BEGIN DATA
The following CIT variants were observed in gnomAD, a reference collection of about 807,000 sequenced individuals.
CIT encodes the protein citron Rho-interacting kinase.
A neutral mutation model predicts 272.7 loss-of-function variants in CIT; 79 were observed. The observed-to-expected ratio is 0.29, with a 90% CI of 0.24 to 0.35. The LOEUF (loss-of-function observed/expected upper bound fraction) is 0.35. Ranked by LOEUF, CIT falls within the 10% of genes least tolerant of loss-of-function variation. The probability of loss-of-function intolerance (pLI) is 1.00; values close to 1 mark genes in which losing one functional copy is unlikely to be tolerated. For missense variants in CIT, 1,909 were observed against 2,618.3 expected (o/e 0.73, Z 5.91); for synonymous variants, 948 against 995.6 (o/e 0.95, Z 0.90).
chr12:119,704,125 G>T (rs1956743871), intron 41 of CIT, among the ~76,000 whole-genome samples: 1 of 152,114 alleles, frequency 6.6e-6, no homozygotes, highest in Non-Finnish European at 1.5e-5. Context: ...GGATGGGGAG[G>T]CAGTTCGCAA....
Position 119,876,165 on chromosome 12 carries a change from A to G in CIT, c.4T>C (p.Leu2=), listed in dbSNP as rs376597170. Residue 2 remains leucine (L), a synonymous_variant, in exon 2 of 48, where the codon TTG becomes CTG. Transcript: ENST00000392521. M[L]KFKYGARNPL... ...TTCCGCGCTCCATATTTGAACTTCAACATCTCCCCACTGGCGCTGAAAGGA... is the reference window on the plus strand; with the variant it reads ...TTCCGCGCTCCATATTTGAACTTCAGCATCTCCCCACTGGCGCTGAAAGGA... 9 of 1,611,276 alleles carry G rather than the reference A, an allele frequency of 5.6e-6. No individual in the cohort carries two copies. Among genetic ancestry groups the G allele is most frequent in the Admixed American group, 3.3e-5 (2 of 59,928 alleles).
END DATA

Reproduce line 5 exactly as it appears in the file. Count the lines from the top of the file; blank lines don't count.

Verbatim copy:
Position 119,876,165 on chromosome 12 carries a change from A to G in CIT, c.4T>C (p.Leu2=), listed in dbSNP as rs376597170. Residue 2 remains leucine (L), a synonymous_variant, in exon 2 of 48, where the codon TTG becomes CTG. Transcript: ENST00000392521. M[L]KFKYGARNPL... ...TTCCGCGCTCCATATTTGAACTTCAACATCTCCCCACTGGCGCTGAAAGGA... is the reference window on the plus strand; with the variant it reads ...TTCCGCGCTCCATATTTGAACTTCAGCATCTCCCCACTGGCGCTGAAAGGA... 9 of 1,611,276 alleles carry G rather than the reference A, an allele frequency of 5.6e-6. No individual in the cohort carries two copies. Among genetic ancestry groups the G allele is most frequent in the Admixed American group, 3.3e-5 (2 of 59,928 alleles).